Batitis (Batissa violacea) is a freshwater clam originating in the Cagayan River, the largest river in the Philippines. This product is ecologically important and has socio- economic and cultural values.
The batitis mollusk is a large, thick- shelled bivalve with an ovate outline; the inside of the valves is purple as well as the exterior. The external part has also a thick black to olive covering (periostractum). It can be found in sandy or muddy beds of freshwater, brackish water, and mangrove swamps of the Philippines. In particular, it is found to inhabit sandy areas of the Cagayan River with a depth of 1.70- 6.20 mt and the bivalves increases its number when the water quality parameters are at optimum condition.
Bivalve collectors observe the siphons of the clam to trace their presence in the sand, especially when the water is clear. The collectors usually use locally dredging material (called tako) and boat in collecting the clam because it is simple. The collection is done during sunny days in which water is calm, clear and the water level is low. Generally, the time of the collection is very early in the morning. Since 2001 the use of destructive fishing gear were prohibited because it was seen to create disturbance to the habitat of mollusks and other fishery resource.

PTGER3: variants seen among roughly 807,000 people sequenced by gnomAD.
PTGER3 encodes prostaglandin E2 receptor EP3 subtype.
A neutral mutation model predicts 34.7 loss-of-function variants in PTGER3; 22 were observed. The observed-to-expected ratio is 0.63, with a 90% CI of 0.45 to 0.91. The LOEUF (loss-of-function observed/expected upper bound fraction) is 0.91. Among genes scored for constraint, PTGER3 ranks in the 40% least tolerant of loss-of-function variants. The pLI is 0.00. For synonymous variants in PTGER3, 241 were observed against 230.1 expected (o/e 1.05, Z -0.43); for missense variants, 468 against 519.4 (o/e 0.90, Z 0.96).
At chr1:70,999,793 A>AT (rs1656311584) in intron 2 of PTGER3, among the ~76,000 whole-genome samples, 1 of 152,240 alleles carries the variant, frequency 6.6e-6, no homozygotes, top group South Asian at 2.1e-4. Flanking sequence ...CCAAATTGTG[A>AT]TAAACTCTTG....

Batitis can be eaten both raw and cooked and can be salted or boiled. They are also used as a side dish with kalamansi and vinegar. Extracted from their shells, the creamy meat is preserved in a mild brine solution.
The Philippine government recently categorized batitis as a threatened species in the Cagayan River due to its dwindling stocks from 2000 to 2012, where studies have occurred. Several concerns have been raised on the ongoing uncontrolled harvesting of the bivalve which could likely lead to extinction of the resource.